8vo, pp. 696, ; Greek letter; title and a few leaves of text foxed; a very good, clean, wide-margined copy preserving the rear original wrapper, bound in half morocco with marbled paper boards; rubbed, upper joint cracked but firm.
US $1122 €900
First edition. Spyros Zampelios was a champion of the continuity theory in the history of the Greek nation in the crucial decades of the mid nineteenth century, and the first Greek historian to adopt a tripartite examination of historical periods, divided into ancient, medieval and modern Hellenism. In this work he considers Byzantium as a part of Greece, positing that ancient Greek civilization had not faded away in the Byzantine Empire, but had been rather been creatively reshaped as it met Christianity. This approach stood in direct opposition to the then prevalent ideas of the German historian Jakob Fallmerayer, who maintained that Greece had declined due to the annexation of its territories by the Slavic and Albanian peoples, and that the Byzantine Empire was simply the continuance of Roman conquest over Greek populations. Zampelios’s view of an unbroken continuity from Anciet to Byzantine to modern Greece was distilled in his new coinage, the adjective ‘Hellenochristianikos’, introduced in this work, p. 464.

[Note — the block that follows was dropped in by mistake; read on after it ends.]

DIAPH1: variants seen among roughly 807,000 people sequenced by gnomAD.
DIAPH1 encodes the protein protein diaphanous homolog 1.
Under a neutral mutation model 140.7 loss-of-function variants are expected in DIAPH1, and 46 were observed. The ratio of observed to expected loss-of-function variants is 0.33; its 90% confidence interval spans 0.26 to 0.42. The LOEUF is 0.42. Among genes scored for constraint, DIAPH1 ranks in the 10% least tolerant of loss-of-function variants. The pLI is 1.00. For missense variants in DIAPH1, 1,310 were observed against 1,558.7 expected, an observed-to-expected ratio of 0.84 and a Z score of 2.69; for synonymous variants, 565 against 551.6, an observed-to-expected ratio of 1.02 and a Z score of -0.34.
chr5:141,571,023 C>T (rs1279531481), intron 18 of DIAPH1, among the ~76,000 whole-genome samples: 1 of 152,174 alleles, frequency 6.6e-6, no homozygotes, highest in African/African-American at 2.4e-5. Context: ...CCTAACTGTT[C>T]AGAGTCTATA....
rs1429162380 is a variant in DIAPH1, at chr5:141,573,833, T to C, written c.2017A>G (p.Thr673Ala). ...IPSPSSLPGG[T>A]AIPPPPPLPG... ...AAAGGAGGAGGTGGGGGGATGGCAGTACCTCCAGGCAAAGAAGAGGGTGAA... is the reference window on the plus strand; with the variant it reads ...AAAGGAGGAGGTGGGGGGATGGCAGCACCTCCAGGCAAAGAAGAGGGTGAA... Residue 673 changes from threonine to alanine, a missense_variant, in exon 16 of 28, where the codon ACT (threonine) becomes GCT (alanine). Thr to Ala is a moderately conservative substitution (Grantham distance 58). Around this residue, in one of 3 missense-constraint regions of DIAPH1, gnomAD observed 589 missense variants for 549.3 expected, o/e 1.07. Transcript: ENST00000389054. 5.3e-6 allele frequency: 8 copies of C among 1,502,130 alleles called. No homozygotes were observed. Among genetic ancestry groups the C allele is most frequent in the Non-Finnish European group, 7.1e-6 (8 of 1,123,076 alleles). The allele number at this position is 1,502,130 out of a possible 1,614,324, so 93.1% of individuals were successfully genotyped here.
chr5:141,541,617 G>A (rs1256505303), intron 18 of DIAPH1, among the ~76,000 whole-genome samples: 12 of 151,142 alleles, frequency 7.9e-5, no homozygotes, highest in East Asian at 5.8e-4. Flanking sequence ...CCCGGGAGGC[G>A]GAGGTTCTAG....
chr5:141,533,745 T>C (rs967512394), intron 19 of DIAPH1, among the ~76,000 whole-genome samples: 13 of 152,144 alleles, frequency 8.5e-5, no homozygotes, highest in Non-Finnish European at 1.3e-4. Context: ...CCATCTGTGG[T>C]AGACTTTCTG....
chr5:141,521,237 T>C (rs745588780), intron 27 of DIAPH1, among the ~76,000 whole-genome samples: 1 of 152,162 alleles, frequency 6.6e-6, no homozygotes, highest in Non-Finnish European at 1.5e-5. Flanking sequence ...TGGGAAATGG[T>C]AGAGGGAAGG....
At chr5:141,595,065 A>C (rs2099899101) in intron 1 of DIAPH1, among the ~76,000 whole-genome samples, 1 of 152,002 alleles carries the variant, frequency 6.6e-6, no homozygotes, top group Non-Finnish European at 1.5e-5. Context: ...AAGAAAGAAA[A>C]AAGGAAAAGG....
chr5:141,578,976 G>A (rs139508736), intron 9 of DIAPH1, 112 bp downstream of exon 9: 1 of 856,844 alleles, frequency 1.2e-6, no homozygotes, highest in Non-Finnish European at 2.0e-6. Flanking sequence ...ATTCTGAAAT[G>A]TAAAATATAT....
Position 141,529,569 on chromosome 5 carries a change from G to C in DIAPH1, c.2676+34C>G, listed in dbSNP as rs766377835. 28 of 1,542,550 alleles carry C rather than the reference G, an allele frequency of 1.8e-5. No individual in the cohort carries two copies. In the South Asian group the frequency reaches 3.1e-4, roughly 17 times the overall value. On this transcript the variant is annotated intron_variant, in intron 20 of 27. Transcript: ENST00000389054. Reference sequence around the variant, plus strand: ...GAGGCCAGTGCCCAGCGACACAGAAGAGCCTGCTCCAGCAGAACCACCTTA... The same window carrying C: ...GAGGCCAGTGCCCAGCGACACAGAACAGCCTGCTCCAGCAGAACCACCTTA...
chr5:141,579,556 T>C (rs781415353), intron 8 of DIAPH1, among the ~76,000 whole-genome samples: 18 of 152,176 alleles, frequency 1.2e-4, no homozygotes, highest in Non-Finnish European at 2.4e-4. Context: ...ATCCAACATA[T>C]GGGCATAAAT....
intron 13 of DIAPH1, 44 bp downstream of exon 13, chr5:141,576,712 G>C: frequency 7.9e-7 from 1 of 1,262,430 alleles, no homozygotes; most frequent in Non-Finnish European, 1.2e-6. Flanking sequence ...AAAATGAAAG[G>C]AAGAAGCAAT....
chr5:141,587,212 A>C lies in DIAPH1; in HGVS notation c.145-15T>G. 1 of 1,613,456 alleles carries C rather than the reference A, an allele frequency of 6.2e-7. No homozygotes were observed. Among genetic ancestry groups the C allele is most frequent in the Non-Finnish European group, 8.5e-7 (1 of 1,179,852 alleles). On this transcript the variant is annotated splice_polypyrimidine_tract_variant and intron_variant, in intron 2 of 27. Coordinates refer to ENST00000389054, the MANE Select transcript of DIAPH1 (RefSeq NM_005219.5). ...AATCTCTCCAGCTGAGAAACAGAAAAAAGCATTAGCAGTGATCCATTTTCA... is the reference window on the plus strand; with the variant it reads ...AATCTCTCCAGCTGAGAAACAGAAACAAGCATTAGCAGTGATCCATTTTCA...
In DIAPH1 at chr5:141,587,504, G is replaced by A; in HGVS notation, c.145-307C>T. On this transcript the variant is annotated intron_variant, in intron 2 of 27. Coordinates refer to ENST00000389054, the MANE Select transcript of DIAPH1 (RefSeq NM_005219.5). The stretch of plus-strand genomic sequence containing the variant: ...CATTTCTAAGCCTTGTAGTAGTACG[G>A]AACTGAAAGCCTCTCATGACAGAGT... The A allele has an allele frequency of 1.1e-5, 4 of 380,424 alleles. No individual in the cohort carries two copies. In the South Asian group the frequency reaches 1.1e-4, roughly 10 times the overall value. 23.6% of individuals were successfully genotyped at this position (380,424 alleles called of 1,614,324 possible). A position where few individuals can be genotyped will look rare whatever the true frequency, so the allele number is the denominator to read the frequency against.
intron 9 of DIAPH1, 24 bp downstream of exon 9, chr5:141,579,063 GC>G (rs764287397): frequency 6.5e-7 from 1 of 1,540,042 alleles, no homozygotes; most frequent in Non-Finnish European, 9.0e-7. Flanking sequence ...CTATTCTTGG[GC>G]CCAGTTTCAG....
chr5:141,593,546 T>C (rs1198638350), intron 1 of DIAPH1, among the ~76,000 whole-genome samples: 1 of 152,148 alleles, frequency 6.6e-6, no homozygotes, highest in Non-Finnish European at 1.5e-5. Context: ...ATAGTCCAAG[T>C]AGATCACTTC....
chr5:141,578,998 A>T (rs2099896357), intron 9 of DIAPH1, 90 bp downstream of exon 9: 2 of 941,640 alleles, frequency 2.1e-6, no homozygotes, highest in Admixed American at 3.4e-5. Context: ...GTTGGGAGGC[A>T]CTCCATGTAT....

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[KRAG, Niels, editor.]
NICOLAUS, of Damascus. Ex Nicolai Damasceni universali historia seu de moribus gentium libris excepta Iohannis Stobaei collectanea, quae Nicolaus Cragius latina fecit, et seorsum edidit.
First edition thus. Comprises observations on the customs of different peoples (Iberians, Celts, Phrygians, Assyrians, Spartans and so on) from the Augustan historian Nicolaus of Damascus’ Universal history, only fragments of which have come down to us (in this case via Stobaeus). The text is printed here in the original Greek together with a Latin translation by the Danish historian and philologist Niels Krag (or Cragius, c. 1550–1602).
THE PROMOTION OF STOIC PHILOSOPHY EPICTETUS. [DU VAIR, Guillaume, translator].
Le Manuel d’Epictete.
Rare first edition of this translation of the “Encheiridion” or “Manual” of Epictetus’ principal doctrines; an earlier translation by Antoine Du Moulin had been published in 1544.